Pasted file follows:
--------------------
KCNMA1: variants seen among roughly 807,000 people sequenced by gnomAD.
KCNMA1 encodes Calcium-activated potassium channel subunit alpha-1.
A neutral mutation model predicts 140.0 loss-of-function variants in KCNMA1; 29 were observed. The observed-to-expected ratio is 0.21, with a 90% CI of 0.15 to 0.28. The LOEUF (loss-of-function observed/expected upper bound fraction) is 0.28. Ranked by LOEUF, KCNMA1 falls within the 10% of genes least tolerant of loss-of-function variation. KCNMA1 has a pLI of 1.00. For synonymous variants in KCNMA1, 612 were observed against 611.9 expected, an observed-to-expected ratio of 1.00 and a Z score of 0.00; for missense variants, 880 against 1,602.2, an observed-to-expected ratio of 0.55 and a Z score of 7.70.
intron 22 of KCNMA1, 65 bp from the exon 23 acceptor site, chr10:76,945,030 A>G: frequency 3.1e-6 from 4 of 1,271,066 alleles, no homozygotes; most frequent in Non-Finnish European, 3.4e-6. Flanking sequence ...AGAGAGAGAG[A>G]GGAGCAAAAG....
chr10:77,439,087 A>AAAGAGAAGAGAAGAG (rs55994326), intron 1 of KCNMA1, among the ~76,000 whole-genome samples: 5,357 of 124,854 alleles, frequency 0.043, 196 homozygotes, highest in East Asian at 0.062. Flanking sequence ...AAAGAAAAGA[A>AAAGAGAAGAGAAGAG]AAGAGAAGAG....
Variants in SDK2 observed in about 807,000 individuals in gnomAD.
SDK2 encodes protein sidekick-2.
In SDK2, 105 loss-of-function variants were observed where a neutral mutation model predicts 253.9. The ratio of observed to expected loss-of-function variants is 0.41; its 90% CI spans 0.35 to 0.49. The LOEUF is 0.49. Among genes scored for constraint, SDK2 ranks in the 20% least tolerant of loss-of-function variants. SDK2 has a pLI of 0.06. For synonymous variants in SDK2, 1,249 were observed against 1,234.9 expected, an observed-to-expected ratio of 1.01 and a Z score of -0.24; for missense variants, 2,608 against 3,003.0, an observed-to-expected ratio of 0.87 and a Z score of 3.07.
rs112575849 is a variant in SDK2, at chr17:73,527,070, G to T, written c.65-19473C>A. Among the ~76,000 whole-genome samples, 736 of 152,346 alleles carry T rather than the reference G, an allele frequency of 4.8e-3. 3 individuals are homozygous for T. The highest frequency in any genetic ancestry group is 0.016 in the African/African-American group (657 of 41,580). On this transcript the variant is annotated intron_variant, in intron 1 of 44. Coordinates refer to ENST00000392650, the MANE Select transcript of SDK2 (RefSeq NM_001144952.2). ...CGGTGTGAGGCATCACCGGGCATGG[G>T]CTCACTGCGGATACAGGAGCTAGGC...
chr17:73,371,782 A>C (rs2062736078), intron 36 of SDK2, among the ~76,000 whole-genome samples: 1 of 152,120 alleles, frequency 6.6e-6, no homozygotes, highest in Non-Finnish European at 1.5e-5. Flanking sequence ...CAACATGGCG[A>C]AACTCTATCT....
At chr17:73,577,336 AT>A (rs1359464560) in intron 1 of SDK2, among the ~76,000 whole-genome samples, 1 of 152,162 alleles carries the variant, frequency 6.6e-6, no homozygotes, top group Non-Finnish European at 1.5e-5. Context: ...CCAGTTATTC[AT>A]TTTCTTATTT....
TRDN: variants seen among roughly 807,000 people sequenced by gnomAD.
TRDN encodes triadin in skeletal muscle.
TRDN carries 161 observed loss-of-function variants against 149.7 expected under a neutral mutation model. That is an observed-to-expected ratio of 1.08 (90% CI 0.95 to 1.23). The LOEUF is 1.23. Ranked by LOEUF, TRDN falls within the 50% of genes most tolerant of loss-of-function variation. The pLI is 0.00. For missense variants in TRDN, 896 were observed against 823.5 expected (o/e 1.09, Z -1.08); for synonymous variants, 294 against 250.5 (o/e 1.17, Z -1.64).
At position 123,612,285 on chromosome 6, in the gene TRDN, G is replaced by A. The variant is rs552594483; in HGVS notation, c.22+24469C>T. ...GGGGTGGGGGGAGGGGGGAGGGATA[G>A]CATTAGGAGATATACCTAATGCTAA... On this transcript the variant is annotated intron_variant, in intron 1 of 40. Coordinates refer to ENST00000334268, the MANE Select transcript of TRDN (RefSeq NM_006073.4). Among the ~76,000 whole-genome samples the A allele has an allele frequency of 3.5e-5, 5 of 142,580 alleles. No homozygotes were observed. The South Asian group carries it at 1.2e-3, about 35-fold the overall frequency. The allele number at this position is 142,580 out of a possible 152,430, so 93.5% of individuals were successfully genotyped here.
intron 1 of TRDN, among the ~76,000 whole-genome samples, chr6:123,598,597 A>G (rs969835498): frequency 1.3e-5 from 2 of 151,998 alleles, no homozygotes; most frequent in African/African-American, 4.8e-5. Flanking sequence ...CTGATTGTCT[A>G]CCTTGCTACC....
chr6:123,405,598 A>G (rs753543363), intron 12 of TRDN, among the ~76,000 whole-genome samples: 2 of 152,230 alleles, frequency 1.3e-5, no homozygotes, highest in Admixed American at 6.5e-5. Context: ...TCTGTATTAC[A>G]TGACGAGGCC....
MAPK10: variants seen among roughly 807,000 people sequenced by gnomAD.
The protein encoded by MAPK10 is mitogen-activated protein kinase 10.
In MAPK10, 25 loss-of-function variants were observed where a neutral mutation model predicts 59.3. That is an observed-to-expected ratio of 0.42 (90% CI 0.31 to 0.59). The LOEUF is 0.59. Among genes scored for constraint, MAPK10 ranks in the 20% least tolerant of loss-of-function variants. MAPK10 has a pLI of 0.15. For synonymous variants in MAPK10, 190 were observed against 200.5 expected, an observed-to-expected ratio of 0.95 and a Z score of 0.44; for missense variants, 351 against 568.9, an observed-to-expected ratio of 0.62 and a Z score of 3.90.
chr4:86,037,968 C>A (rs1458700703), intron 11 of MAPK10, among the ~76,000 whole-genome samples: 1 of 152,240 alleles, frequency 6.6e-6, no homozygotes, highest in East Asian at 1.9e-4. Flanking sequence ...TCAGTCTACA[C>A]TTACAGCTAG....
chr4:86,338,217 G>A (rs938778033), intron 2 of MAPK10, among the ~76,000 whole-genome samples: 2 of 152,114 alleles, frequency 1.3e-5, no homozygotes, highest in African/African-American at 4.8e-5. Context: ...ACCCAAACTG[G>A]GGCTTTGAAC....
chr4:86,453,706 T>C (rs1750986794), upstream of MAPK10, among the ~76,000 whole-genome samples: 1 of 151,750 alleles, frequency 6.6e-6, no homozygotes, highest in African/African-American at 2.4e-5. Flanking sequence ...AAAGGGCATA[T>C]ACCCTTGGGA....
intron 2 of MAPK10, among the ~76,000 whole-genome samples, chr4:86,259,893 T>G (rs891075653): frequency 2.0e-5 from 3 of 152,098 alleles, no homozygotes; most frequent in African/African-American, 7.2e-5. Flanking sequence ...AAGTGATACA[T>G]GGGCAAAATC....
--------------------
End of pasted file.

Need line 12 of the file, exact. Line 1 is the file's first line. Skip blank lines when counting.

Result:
TRDN: variants seen among roughly 807,000 people sequenced by gnomAD.